This paper will interrogate the kinds of presence Japan and Australia have in the Western Pacific. How do they project themselves in the region? How are they regarded in the region?
They each seek to assert a form of middle power status in the region, based largely on their separate but similar reliance on the USA. Japan continues to shelter under the US security umbrella. Australia - especially recently - has been asserting a "deputy US" status in the region.
However, this pitch for middle power acceptance is not widely convincing to other states in the region. Indeed it is often counterproductive. Other states maintain formal structures of relating but also keep Australia and Japan at a distance, or, at best, they reluctantly include them in regional initiatives.
This distancing will be analysed as being mostly self-imposed. Australia's cultural ambivalence towards the region, and Japan's wartime record obviously require larger efforts in cultural diplomacy in order to address the distancing and to overcome it. Assuming that middle power status is achieved mainly through successful and sustained niche diplomacy, it will be argued that Japan and Australia have a golden opportunity to develop joing niche diplomatic approaches (in collaboration with New Zealand) to problem states in the South Pacific. This will be illustrated by special reference to Papua New Guinea.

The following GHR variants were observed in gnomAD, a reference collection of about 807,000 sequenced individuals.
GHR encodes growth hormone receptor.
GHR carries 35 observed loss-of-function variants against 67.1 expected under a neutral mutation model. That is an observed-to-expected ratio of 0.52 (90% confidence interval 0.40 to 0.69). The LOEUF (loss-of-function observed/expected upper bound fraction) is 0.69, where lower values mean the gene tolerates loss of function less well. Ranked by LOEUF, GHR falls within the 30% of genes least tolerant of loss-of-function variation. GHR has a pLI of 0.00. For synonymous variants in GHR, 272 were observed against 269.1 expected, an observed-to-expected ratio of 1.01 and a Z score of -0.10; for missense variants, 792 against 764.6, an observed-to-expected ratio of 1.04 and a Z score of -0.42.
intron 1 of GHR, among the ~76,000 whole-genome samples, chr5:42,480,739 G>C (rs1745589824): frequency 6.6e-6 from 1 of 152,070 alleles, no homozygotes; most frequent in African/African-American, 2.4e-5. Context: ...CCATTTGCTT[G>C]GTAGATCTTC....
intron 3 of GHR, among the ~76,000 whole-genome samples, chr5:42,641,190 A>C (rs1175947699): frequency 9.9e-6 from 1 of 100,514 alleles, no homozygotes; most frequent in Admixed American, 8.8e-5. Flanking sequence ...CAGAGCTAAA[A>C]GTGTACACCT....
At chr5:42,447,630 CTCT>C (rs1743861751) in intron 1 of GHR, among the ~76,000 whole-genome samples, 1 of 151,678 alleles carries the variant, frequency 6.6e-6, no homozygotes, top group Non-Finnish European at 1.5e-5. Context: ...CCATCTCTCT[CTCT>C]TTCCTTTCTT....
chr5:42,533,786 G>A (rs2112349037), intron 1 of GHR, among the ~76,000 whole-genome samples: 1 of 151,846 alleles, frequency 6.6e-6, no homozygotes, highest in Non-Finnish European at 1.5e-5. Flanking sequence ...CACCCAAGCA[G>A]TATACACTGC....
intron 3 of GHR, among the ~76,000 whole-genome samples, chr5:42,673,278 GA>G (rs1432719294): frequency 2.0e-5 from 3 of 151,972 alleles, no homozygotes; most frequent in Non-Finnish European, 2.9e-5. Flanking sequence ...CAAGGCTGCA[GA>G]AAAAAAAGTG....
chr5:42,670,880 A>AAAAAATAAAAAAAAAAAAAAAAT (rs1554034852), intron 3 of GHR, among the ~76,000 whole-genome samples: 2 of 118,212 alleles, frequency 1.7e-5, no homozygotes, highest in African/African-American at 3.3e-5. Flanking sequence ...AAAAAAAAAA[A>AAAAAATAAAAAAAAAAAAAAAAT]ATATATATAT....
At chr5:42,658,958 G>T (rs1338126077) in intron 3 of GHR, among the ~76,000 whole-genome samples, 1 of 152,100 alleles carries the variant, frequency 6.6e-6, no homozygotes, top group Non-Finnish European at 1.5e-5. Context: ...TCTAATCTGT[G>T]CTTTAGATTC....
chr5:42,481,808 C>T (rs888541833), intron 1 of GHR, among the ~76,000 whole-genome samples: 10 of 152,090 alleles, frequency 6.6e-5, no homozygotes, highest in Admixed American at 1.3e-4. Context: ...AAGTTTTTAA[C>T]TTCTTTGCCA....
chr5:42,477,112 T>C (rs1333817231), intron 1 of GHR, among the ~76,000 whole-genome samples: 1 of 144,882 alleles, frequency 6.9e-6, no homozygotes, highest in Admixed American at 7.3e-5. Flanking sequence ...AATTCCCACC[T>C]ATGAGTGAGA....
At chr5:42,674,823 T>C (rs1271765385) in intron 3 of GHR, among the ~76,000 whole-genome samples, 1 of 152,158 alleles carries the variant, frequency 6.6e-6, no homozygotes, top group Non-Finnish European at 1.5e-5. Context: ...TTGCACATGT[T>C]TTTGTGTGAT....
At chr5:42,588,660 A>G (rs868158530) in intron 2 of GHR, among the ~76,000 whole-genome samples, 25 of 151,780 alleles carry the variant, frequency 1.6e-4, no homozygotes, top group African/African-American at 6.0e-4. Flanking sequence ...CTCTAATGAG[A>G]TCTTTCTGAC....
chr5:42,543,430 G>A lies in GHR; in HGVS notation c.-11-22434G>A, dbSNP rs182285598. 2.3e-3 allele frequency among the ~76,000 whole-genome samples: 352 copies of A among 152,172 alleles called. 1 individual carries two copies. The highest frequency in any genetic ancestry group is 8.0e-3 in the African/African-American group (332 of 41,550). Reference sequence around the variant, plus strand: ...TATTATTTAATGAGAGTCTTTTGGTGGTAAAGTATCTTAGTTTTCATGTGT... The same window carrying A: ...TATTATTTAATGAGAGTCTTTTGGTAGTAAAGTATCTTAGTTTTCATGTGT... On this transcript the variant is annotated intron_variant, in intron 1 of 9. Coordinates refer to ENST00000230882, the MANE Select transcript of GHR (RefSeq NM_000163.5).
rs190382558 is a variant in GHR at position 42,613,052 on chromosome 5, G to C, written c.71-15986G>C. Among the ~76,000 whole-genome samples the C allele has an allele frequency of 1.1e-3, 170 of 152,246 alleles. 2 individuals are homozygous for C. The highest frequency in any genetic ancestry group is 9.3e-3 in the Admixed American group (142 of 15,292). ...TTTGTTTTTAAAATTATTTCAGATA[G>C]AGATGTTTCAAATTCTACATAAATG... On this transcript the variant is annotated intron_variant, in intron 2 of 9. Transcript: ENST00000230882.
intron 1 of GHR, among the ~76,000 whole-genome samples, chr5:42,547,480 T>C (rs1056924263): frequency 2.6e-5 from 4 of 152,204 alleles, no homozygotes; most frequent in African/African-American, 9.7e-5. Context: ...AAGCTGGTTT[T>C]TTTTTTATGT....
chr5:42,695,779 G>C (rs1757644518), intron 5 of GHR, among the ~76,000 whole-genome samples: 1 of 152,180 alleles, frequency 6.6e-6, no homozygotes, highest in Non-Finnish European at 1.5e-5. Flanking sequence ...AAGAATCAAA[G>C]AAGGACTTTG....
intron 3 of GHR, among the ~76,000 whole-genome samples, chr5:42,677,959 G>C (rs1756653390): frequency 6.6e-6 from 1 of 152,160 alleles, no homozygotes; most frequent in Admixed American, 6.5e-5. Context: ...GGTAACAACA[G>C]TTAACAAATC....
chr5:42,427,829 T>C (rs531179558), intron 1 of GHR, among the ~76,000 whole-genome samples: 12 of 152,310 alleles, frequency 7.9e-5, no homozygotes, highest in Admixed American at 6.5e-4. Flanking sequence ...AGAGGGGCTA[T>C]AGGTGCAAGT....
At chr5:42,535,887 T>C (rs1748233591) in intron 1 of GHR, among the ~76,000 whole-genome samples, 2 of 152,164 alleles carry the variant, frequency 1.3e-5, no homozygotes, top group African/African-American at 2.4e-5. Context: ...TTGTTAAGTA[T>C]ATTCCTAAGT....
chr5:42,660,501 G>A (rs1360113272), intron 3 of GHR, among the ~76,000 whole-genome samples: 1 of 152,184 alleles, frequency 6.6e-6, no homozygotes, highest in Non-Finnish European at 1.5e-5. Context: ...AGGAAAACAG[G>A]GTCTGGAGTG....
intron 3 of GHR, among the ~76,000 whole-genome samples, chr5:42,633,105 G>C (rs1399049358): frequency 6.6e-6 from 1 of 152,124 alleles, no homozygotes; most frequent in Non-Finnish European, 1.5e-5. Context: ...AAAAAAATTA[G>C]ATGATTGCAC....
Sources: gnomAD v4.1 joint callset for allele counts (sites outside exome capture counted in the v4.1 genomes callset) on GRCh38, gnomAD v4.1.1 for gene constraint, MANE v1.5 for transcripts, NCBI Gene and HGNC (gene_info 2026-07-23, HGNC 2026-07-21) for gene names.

|Allan PATIENCE||Allan Patience is Professor of Political Science at the University of Papua New Guinea.|
|University of Papua New Guinea|
|[Joint Australia-Japan Workshop] Searching for Equitability and Peace in the Post-9/11 World: Exploring Alternatives for Australia and Japan|